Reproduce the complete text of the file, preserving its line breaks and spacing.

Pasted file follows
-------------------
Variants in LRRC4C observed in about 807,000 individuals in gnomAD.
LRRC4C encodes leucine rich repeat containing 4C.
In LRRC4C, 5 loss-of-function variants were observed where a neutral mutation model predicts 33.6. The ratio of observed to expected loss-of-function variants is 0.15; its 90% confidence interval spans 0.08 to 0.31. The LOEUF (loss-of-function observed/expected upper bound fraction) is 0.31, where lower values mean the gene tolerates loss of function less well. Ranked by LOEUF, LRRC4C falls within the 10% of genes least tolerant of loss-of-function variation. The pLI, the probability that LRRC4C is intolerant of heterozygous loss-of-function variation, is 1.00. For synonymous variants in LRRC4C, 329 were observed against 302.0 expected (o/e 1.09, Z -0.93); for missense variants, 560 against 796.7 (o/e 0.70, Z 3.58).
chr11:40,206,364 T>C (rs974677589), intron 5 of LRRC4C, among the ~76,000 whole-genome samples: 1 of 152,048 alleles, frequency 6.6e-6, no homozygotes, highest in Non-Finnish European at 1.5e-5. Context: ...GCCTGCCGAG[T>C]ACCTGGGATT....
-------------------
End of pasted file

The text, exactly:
Variants in LRRC4C observed in about 807,000 individuals in gnomAD.
LRRC4C encodes leucine rich repeat containing 4C.
In LRRC4C, 5 loss-of-function variants were observed where a neutral mutation model predicts 33.6. The ratio of observed to expected loss-of-function variants is 0.15; its 90% confidence interval spans 0.08 to 0.31. The LOEUF (loss-of-function observed/expected upper bound fraction) is 0.31, where lower values mean the gene tolerates loss of function less well. Ranked by LOEUF, LRRC4C falls within the 10% of genes least tolerant of loss-of-function variation. The pLI, the probability that LRRC4C is intolerant of heterozygous loss-of-function variation, is 1.00. For synonymous variants in LRRC4C, 329 were observed against 302.0 expected (o/e 1.09, Z -0.93); for missense variants, 560 against 796.7 (o/e 0.70, Z 3.58).
chr11:40,206,364 T>C (rs974677589), intron 5 of LRRC4C, among the ~76,000 whole-genome samples: 1 of 152,048 alleles, frequency 6.6e-6, no homozygotes, highest in Non-Finnish European at 1.5e-5. Context: ...GCCTGCCGAG[T>C]ACCTGGGATT....